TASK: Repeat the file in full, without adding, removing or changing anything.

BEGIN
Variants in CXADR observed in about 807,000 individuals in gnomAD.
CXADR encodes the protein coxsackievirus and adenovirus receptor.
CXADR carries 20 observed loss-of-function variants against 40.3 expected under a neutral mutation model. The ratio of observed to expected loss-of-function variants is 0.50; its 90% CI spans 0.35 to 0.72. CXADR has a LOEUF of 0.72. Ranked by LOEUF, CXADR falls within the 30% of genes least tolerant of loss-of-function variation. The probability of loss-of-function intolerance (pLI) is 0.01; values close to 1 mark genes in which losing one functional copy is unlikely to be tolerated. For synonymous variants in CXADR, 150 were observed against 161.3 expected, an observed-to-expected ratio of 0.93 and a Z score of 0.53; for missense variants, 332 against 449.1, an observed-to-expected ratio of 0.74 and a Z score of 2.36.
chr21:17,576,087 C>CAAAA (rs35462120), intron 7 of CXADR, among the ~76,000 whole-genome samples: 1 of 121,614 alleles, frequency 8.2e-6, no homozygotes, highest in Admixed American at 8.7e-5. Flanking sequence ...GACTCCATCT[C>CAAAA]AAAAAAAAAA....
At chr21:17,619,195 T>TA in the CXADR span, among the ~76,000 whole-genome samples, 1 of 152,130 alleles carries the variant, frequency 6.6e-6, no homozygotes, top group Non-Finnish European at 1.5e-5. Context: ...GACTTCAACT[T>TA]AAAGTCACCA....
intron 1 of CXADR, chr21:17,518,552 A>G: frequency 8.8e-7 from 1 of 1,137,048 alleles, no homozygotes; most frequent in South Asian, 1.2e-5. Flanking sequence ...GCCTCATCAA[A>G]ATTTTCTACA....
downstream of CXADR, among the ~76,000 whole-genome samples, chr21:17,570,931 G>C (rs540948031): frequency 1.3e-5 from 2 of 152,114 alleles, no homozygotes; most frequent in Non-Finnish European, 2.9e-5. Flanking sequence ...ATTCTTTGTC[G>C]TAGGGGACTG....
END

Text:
Variants in CXADR observed in about 807,000 individuals in gnomAD.
CXADR encodes the protein coxsackievirus and adenovirus receptor.
CXADR carries 20 observed loss-of-function variants against 40.3 expected under a neutral mutation model. The ratio of observed to expected loss-of-function variants is 0.50; its 90% CI spans 0.35 to 0.72. CXADR has a LOEUF of 0.72. Ranked by LOEUF, CXADR falls within the 30% of genes least tolerant of loss-of-function variation. The probability of loss-of-function intolerance (pLI) is 0.01; values close to 1 mark genes in which losing one functional copy is unlikely to be tolerated. For synonymous variants in CXADR, 150 were observed against 161.3 expected, an observed-to-expected ratio of 0.93 and a Z score of 0.53; for missense variants, 332 against 449.1, an observed-to-expected ratio of 0.74 and a Z score of 2.36.
chr21:17,576,087 C>CAAAA (rs35462120), intron 7 of CXADR, among the ~76,000 whole-genome samples: 1 of 121,614 alleles, frequency 8.2e-6, no homozygotes, highest in Admixed American at 8.7e-5. Flanking sequence ...GACTCCATCT[C>CAAAA]AAAAAAAAAA....
At chr21:17,619,195 T>TA in the CXADR span, among the ~76,000 whole-genome samples, 1 of 152,130 alleles carries the variant, frequency 6.6e-6, no homozygotes, top group Non-Finnish European at 1.5e-5. Context: ...GACTTCAACT[T>TA]AAAGTCACCA....
intron 1 of CXADR, chr21:17,518,552 A>G: frequency 8.8e-7 from 1 of 1,137,048 alleles, no homozygotes; most frequent in South Asian, 1.2e-5. Flanking sequence ...GCCTCATCAA[A>G]ATTTTCTACA....
downstream of CXADR, among the ~76,000 whole-genome samples, chr21:17,570,931 G>C (rs540948031): frequency 1.3e-5 from 2 of 152,114 alleles, no homozygotes; most frequent in Non-Finnish European, 2.9e-5. Flanking sequence ...ATTCTTTGTC[G>C]TAGGGGACTG....